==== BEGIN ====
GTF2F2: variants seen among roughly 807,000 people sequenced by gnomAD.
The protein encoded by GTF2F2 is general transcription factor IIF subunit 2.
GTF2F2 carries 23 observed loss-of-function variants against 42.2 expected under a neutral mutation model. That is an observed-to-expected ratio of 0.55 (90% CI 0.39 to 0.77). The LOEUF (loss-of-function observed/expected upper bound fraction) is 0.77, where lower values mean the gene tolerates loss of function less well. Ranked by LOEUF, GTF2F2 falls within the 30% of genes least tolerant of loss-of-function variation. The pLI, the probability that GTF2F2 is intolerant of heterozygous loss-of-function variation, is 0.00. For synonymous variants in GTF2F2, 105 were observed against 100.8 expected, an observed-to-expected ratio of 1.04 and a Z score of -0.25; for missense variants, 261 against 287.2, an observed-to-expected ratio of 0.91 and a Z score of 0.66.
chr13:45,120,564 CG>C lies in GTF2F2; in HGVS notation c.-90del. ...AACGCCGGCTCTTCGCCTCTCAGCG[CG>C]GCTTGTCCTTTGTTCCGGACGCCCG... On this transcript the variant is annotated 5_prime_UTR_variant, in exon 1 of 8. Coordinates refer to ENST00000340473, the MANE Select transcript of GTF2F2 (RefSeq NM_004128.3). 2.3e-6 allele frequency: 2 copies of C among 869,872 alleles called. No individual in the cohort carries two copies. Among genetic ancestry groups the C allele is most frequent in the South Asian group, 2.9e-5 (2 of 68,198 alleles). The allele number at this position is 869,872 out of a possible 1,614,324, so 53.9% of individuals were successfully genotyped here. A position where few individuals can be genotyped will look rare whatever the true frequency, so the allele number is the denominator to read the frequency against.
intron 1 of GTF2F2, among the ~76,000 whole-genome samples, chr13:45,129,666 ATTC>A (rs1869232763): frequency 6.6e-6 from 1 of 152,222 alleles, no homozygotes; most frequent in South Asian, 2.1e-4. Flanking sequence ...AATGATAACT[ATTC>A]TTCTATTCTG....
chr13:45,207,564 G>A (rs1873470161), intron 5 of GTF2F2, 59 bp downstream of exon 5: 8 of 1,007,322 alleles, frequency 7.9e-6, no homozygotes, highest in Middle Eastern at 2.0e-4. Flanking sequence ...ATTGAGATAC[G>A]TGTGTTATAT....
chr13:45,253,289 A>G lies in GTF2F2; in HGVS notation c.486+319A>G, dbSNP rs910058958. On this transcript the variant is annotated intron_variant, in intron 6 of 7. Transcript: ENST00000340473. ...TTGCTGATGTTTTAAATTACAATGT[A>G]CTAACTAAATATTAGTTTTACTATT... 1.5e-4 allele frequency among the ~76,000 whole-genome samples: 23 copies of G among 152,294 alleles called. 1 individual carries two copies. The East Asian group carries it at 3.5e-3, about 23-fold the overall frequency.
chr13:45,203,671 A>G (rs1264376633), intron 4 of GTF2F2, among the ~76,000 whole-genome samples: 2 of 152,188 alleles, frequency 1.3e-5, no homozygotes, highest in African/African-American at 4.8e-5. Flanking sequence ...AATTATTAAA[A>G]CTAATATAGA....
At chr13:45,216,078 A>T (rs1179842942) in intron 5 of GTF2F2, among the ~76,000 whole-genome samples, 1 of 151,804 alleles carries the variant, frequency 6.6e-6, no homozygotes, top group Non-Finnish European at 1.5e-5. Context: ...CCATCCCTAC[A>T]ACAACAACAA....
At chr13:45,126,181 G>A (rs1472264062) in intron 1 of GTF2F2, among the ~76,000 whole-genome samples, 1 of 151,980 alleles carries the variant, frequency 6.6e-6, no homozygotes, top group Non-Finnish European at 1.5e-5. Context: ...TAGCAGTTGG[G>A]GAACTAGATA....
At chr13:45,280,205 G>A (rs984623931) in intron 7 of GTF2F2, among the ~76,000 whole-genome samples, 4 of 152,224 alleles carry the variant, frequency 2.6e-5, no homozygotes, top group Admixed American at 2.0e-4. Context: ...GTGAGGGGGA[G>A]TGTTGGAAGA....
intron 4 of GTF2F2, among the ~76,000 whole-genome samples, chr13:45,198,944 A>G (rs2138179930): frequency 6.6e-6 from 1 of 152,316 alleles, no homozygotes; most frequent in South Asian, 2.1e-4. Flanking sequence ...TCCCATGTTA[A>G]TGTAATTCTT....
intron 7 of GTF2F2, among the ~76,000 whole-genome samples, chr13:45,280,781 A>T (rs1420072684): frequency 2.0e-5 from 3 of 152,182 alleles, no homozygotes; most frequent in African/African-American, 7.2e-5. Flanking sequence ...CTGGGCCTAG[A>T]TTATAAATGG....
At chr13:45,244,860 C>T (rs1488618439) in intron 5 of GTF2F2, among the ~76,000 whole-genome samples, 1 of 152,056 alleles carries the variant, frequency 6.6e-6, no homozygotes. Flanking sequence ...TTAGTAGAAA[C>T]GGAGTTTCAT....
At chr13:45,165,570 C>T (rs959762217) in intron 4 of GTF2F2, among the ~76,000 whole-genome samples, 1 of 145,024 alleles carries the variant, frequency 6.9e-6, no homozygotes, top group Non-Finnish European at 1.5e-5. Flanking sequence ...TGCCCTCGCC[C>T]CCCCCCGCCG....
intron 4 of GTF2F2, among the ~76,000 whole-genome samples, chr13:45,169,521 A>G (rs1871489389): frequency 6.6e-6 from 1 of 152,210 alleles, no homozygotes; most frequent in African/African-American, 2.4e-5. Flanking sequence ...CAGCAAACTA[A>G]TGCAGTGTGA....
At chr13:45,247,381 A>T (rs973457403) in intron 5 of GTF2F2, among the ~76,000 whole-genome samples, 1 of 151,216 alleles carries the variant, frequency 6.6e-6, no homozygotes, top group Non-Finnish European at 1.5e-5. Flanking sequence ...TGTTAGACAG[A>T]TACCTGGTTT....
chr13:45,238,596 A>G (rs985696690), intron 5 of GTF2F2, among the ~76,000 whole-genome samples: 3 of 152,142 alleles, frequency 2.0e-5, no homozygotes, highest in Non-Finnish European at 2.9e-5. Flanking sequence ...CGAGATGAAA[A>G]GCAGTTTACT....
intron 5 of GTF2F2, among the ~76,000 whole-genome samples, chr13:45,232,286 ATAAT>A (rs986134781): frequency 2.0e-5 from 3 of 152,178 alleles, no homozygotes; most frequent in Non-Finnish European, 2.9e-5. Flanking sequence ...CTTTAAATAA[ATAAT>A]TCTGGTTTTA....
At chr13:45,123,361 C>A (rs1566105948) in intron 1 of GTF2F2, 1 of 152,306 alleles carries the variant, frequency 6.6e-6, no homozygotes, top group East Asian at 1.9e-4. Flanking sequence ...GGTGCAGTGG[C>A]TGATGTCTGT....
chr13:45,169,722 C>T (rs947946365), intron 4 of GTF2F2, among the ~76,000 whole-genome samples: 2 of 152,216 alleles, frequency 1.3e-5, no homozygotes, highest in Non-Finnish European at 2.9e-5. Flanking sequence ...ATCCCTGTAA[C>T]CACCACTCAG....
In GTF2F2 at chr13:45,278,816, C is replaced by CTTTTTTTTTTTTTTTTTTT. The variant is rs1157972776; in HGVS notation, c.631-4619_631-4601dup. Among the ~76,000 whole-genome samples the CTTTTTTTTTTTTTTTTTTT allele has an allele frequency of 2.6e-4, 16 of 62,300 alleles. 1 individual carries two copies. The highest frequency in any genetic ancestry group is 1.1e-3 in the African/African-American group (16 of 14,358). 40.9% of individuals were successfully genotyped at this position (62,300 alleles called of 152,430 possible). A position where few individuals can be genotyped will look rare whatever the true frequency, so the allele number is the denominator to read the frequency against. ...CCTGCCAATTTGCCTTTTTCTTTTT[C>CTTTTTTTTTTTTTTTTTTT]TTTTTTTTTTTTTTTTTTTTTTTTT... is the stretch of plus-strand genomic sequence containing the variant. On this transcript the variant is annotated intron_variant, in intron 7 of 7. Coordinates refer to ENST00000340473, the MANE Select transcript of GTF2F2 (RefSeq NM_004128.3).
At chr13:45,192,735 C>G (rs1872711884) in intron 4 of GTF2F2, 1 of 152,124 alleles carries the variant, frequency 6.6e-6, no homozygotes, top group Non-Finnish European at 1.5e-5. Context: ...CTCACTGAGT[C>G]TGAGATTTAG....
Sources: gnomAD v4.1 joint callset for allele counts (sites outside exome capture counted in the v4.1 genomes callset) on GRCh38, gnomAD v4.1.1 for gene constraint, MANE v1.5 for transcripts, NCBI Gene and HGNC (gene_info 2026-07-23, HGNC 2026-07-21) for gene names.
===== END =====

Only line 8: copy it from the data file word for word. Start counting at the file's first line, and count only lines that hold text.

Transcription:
chr13:45,203,671 A>G (rs1264376633), intron 4 of GTF2F2, among the ~76,000 whole-genome samples: 2 of 152,188 alleles, frequency 1.3e-5, no homozygotes, highest in African/African-American at 4.8e-5. Flanking sequence ...AATTATTAAA[A>G]CTAATATAGA....